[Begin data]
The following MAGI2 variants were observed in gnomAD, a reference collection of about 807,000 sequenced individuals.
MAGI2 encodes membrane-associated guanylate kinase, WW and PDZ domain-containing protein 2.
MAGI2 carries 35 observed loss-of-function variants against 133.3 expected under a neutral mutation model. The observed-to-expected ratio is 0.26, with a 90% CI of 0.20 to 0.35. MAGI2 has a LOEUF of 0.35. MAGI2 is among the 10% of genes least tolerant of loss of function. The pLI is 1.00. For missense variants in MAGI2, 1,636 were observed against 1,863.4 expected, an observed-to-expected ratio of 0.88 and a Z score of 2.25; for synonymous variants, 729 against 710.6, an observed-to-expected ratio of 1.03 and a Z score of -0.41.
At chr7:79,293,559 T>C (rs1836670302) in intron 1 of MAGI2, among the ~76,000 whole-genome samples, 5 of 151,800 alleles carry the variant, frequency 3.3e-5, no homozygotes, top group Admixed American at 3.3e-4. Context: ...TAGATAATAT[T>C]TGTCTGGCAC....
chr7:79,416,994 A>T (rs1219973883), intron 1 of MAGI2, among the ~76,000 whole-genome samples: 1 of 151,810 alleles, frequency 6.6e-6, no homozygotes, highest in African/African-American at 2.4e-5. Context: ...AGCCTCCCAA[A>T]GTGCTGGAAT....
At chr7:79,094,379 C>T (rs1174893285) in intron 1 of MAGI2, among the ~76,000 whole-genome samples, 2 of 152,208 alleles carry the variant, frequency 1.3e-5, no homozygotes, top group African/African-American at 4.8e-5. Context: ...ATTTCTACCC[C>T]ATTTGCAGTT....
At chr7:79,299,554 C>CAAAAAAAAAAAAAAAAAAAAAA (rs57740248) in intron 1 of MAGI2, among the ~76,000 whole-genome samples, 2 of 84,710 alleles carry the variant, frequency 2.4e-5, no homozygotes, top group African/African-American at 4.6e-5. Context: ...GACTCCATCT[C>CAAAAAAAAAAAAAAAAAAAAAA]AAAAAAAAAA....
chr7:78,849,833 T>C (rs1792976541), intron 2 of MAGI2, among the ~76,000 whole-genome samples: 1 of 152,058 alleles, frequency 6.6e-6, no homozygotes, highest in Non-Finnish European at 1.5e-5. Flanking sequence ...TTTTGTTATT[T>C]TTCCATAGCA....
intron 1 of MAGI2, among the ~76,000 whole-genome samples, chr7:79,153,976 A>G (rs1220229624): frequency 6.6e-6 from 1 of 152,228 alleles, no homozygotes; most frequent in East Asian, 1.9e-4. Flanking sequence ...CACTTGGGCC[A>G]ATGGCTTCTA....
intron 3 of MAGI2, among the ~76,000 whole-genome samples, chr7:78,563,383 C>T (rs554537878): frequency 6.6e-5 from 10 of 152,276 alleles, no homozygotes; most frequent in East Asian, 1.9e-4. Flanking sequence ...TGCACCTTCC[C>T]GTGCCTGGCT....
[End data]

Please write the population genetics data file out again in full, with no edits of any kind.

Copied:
The following MAGI2 variants were observed in gnomAD, a reference collection of about 807,000 sequenced individuals.
MAGI2 encodes membrane-associated guanylate kinase, WW and PDZ domain-containing protein 2.
MAGI2 carries 35 observed loss-of-function variants against 133.3 expected under a neutral mutation model. The observed-to-expected ratio is 0.26, with a 90% CI of 0.20 to 0.35. MAGI2 has a LOEUF of 0.35. MAGI2 is among the 10% of genes least tolerant of loss of function. The pLI is 1.00. For missense variants in MAGI2, 1,636 were observed against 1,863.4 expected, an observed-to-expected ratio of 0.88 and a Z score of 2.25; for synonymous variants, 729 against 710.6, an observed-to-expected ratio of 1.03 and a Z score of -0.41.
At chr7:79,293,559 T>C (rs1836670302) in intron 1 of MAGI2, among the ~76,000 whole-genome samples, 5 of 151,800 alleles carry the variant, frequency 3.3e-5, no homozygotes, top group Admixed American at 3.3e-4. Context: ...TAGATAATAT[T>C]TGTCTGGCAC....
chr7:79,416,994 A>T (rs1219973883), intron 1 of MAGI2, among the ~76,000 whole-genome samples: 1 of 151,810 alleles, frequency 6.6e-6, no homozygotes, highest in African/African-American at 2.4e-5. Context: ...AGCCTCCCAA[A>T]GTGCTGGAAT....
At chr7:79,094,379 C>T (rs1174893285) in intron 1 of MAGI2, among the ~76,000 whole-genome samples, 2 of 152,208 alleles carry the variant, frequency 1.3e-5, no homozygotes, top group African/African-American at 4.8e-5. Context: ...ATTTCTACCC[C>T]ATTTGCAGTT....
At chr7:79,299,554 C>CAAAAAAAAAAAAAAAAAAAAAA (rs57740248) in intron 1 of MAGI2, among the ~76,000 whole-genome samples, 2 of 84,710 alleles carry the variant, frequency 2.4e-5, no homozygotes, top group African/African-American at 4.6e-5. Context: ...GACTCCATCT[C>CAAAAAAAAAAAAAAAAAAAAAA]AAAAAAAAAA....
chr7:78,849,833 T>C (rs1792976541), intron 2 of MAGI2, among the ~76,000 whole-genome samples: 1 of 152,058 alleles, frequency 6.6e-6, no homozygotes, highest in Non-Finnish European at 1.5e-5. Flanking sequence ...TTTTGTTATT[T>C]TTCCATAGCA....
intron 1 of MAGI2, among the ~76,000 whole-genome samples, chr7:79,153,976 A>G (rs1220229624): frequency 6.6e-6 from 1 of 152,228 alleles, no homozygotes; most frequent in East Asian, 1.9e-4. Flanking sequence ...CACTTGGGCC[A>G]ATGGCTTCTA....
intron 3 of MAGI2, among the ~76,000 whole-genome samples, chr7:78,563,383 C>T (rs554537878): frequency 6.6e-5 from 10 of 152,276 alleles, no homozygotes; most frequent in East Asian, 1.9e-4. Flanking sequence ...TGCACCTTCC[C>T]GTGCCTGGCT....